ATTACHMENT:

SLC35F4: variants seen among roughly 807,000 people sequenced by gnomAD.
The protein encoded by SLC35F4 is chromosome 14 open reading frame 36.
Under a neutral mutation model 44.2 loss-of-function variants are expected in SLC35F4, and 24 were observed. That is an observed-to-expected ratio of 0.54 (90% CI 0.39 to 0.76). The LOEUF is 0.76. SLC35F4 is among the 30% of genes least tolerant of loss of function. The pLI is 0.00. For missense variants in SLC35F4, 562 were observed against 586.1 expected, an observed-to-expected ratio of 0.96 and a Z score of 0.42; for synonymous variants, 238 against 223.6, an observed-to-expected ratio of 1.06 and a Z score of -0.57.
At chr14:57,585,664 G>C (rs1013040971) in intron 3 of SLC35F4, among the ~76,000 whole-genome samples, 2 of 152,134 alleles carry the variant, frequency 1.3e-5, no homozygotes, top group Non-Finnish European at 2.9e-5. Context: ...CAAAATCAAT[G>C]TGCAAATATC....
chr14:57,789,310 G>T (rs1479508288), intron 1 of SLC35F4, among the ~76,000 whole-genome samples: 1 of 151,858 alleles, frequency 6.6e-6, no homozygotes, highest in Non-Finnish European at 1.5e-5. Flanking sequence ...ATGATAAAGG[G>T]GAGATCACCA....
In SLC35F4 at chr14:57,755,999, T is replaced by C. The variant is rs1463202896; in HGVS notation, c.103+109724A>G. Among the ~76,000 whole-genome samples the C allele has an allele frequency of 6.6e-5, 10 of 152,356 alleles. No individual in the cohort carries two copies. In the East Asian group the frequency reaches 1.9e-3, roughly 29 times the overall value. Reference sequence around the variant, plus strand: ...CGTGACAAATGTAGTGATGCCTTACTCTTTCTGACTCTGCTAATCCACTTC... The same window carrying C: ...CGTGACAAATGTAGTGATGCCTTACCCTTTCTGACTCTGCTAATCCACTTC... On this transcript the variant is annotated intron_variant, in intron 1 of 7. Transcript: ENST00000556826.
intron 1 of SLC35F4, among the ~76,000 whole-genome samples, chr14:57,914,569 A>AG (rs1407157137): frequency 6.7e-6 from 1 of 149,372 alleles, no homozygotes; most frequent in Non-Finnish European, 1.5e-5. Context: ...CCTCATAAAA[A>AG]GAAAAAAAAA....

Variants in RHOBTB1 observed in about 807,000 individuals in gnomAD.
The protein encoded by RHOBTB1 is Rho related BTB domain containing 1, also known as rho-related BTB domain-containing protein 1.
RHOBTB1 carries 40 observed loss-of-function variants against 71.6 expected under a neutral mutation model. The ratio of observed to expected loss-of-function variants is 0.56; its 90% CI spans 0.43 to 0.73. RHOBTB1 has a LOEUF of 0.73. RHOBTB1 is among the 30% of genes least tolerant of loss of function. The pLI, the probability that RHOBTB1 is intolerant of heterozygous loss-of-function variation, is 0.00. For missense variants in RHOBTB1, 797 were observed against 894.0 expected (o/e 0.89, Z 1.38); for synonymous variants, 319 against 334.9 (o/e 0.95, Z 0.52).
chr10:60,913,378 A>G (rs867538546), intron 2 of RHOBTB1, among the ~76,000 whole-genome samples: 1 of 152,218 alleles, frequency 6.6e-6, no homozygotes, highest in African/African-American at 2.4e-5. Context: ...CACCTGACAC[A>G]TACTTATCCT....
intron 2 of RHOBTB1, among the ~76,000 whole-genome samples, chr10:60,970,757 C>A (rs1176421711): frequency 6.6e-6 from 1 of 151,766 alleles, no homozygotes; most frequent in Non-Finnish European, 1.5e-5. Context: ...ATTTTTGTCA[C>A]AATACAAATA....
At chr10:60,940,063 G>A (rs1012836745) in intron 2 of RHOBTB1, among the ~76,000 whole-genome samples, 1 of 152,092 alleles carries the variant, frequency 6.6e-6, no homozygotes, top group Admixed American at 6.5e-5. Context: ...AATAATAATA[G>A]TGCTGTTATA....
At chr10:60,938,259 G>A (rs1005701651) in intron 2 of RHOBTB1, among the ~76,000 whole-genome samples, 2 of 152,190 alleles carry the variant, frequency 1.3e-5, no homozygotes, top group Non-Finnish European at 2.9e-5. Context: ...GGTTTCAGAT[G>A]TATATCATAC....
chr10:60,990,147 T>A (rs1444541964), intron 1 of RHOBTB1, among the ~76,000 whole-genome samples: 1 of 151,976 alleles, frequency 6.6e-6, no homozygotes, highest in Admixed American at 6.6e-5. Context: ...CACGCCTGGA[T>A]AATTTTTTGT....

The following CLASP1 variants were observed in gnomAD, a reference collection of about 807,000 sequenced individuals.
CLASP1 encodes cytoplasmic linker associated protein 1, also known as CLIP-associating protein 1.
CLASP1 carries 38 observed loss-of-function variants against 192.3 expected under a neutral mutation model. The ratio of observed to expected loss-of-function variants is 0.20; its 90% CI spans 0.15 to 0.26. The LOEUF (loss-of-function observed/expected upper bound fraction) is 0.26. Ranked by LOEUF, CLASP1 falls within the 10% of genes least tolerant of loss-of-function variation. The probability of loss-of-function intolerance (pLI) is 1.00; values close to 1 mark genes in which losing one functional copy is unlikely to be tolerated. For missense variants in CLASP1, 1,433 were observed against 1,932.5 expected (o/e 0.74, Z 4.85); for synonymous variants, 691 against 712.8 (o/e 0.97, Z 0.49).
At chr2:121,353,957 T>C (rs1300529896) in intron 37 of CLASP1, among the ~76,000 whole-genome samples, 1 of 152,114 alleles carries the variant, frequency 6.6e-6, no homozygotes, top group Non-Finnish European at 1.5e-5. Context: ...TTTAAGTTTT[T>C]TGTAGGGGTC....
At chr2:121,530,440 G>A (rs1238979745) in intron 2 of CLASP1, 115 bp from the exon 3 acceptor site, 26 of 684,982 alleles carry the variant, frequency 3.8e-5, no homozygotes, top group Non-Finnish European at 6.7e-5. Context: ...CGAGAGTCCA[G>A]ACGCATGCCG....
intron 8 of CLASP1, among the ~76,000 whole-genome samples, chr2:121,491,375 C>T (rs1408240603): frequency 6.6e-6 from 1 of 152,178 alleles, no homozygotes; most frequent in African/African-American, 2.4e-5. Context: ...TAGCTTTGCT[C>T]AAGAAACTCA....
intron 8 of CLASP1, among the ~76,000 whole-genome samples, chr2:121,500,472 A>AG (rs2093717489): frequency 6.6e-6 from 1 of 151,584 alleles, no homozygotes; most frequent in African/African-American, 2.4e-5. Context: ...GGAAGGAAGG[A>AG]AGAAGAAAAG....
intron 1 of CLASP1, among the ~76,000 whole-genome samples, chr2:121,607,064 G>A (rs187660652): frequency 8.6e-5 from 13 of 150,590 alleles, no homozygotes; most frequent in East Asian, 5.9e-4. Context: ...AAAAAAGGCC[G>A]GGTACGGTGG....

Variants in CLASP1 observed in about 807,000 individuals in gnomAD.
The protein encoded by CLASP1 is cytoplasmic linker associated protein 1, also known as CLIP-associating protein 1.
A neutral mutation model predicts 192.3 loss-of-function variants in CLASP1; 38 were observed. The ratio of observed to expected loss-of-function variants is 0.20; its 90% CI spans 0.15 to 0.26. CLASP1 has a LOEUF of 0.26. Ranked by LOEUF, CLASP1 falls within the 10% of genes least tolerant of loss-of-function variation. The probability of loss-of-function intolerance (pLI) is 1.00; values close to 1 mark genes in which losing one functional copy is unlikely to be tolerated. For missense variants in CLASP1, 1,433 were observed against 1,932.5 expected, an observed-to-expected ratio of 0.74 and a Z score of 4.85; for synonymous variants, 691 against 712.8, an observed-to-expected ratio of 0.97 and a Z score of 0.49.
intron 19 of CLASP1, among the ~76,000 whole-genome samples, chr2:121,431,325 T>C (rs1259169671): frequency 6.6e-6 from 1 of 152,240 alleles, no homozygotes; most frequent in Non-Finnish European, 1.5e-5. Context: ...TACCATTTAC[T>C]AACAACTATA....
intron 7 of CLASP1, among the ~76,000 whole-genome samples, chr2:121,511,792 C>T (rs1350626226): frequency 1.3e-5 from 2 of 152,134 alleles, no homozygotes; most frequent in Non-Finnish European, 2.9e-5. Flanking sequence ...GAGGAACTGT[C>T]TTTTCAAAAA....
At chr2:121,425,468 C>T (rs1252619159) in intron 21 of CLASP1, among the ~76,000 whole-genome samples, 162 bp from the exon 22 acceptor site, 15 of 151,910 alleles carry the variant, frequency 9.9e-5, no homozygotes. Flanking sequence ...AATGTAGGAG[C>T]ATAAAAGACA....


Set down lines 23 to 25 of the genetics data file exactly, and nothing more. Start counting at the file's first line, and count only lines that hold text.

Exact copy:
intron 1 of CLASP1, among the ~76,000 whole-genome samples, chr2:121,607,064 G>A (rs187660652): frequency 8.6e-5 from 13 of 150,590 alleles, no homozygotes; most frequent in East Asian, 5.9e-4. Context: ...AAAAAAGGCC[G>A]GGTACGGTGG....

Variants in CLASP1 observed in about 807,000 individuals in gnomAD.
The protein encoded by CLASP1 is cytoplasmic linker associated protein 1, also known as CLIP-associating protein 1.